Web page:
MINNEAPOLIS (AP) — The Minnesota Twins were nearing the inauguration of Target Field, and soft-spoken slugger Jason Kubel had an eyebrow-raising message for power-hitting teammates Justin Morneau and Michael Cuddyer.

Kubel, it turns out, was determined to hit the first home run in the new ballpark.

“I told Morny and Cuddy before the game that you guys better do it right away before I get up there,” Kubel said after homering in the seventh inning of Minnesota’s home-opening win over Boston on Monday. “I gave them a couple of at-bats. Now I’m thrilled that I did it. It’s something I’ll remember for the rest of my life.”

Kubel is polite but about as quiet as any player the Twins have, with a beard and a half-smiling, almost sleepy expression.

His brash prediction, even in fun around friends, sounded decidedly un-Kubel-like. Even though he’s coming off a career season with 28 homers, 103 RBIs and a .300 batting average, the 27-year-old Kubel is easily overlooked in a Twins lineup highlighted by former AL MVPs Joe Mauer and Morneau.

Cuddyer hit 32 home runs himself last year, an outgoing, polished leader in the clubhouse who is the longest-tenured player on the team. Even Jim Thome, who will spell Kubel as the designated hitter and give him an opportunity to play left field in place of Delmon Young, has a much higher profile as a bench player with 565 career home runs.

That’s all right with Kubel, who was one of the organization’s top prospects before a severe knee injury knocked him out for the 2005 season and delayed his progress toward establishing his presence in the middle of Minnesota’s lineup.

Even he can’t fully describe what finally clicked for him last year.

“It’s hard to put a finger on it,” Kubel said. “Everything just worked out. If I knew, that would make it easy every year.”

Whatever the formula, Kubel has found his confidence. And so have the Twins.

They’re like kids on Christmas as they get settled in their new home, but this is a deep and talented roster with high hopes and expectations.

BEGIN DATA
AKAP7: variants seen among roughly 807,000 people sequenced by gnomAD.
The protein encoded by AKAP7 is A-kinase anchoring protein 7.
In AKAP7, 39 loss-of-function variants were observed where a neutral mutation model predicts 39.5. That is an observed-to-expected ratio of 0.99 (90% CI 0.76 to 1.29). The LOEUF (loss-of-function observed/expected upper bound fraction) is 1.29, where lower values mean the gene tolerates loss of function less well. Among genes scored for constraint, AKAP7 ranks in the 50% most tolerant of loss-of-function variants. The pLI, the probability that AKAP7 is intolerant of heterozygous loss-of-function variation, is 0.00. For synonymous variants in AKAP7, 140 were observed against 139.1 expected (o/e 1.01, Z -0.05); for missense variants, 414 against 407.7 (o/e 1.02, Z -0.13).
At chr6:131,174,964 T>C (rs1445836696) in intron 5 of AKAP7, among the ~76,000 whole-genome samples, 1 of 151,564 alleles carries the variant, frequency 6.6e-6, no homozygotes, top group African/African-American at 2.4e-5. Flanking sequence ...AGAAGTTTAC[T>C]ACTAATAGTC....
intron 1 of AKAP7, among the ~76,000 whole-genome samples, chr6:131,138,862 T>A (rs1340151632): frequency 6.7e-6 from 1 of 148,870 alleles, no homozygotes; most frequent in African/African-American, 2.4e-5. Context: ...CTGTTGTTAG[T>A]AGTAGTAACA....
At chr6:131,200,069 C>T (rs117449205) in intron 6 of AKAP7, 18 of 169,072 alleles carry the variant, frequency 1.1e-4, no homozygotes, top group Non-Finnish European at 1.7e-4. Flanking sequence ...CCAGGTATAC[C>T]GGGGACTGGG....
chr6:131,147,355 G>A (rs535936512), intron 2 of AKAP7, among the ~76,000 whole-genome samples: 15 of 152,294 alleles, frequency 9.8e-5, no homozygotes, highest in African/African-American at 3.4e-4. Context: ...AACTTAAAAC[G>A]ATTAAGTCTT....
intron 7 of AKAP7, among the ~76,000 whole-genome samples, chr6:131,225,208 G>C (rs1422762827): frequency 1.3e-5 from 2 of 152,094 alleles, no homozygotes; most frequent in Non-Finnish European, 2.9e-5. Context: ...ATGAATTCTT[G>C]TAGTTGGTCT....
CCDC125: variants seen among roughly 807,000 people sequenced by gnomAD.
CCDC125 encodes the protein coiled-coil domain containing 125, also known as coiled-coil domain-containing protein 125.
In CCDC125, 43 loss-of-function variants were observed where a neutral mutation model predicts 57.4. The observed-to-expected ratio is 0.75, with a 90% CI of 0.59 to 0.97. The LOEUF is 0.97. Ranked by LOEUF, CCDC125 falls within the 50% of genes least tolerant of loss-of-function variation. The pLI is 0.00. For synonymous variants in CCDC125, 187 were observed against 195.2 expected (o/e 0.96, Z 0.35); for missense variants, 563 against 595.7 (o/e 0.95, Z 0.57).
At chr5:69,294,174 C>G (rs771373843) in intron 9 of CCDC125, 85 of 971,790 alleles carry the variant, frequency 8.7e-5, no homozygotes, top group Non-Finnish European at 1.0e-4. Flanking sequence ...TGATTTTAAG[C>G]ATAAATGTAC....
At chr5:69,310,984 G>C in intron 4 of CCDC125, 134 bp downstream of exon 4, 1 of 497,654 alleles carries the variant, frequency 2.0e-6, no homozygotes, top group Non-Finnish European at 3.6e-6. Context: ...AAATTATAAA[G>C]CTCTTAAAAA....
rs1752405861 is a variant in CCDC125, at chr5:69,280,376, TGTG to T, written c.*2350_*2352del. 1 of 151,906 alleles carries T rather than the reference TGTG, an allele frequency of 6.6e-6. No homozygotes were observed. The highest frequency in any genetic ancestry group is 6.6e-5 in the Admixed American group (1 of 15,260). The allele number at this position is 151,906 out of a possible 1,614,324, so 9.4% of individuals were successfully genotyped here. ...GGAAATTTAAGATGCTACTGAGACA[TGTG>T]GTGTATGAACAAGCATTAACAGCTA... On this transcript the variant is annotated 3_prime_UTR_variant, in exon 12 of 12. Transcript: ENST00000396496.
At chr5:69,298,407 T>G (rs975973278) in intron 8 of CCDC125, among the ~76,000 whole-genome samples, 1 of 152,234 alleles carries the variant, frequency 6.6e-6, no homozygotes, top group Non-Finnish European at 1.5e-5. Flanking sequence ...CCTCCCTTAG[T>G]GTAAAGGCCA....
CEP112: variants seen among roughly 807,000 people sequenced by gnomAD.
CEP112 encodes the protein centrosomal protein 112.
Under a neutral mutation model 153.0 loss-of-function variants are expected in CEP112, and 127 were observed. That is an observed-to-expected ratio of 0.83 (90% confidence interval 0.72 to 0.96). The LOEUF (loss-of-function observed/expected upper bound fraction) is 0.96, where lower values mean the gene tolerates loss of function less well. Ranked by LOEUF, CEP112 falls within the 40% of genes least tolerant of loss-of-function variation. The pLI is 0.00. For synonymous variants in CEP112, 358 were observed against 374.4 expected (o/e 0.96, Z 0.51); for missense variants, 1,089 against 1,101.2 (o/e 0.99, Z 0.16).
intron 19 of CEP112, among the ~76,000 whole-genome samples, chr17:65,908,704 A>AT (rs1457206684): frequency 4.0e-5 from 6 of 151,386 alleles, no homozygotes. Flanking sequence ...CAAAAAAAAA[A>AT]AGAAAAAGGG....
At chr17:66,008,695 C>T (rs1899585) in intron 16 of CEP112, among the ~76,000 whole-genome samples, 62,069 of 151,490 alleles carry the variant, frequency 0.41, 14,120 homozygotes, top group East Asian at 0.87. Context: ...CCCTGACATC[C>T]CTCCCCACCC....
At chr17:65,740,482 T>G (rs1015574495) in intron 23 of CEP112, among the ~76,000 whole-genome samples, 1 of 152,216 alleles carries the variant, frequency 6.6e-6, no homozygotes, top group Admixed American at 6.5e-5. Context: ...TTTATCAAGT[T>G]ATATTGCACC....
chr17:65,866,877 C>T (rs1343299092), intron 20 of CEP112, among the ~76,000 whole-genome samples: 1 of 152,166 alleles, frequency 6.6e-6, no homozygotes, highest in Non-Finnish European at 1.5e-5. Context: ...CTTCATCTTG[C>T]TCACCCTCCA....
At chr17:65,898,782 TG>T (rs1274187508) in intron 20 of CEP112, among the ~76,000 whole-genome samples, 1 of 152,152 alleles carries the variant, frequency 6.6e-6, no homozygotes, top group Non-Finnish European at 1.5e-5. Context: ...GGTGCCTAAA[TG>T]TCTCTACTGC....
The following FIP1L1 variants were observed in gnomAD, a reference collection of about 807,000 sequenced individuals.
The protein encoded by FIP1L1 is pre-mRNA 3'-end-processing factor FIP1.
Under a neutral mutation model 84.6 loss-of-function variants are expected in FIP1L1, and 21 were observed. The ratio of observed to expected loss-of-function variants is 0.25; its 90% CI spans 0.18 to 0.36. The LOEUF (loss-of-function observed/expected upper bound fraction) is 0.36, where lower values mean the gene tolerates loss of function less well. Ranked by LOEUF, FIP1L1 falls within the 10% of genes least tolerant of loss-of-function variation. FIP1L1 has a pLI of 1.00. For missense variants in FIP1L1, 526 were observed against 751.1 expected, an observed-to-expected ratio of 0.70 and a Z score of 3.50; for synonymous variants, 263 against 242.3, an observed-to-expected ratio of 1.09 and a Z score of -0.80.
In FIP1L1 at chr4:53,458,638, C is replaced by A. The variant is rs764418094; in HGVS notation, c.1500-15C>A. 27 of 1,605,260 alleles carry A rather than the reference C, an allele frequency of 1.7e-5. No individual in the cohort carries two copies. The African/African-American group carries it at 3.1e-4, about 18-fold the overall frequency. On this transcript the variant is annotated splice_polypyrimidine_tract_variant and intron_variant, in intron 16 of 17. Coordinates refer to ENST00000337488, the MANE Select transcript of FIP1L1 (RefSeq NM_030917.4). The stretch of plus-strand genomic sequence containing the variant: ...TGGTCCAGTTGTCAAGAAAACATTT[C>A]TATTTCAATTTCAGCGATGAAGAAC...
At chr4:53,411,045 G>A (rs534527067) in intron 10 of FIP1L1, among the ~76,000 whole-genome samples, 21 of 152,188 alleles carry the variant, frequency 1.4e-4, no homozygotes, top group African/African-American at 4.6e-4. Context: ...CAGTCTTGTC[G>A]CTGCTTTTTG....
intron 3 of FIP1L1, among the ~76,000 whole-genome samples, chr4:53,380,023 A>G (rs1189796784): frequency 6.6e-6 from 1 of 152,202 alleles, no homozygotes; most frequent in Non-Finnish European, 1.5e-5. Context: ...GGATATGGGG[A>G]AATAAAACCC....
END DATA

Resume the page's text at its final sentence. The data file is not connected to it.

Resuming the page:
After pitching six smooth innings for the first victory at Target Field, right-hander Carl Pavano was asked about the quality of this Twins team.

“I think we’re great,” Pavano said, unflinching.

Even Mauer, the lowest of low-key personalities, seemed more exuberant than usual after the 5-2 victory over the Red Sox that lifted their record to 6-2. That was tied for the best in the American League entering Tuesday. The Twins had the day off, their first break in the schedule since opening day.

“I tried to stay on an even keel and remind myself we had a ballgame to play,” Mauer said as he reflected on the festivities surrounding Minnesota’s formal return to the outdoors after 28 years in the Metrodome.

He knows this year’s team, the most expensive in franchise history with a payroll over $97 million, has the potential to be special even without the new ballpark sparkle.

The early work by new closer Jon Rauch is the most encouraging development for the Twins, who were forced to replace four-time All-Star Joe Nathan when he hurt his elbow and needed season-ending surgery in March. Rauch has converted all five of his save attempts, leading the major leagues.

“I’ve always been confident I can do the job. I think every guy down in that bullpen is confident they can do the job,” Rauch said. “I just happen to be the one they named to do it.”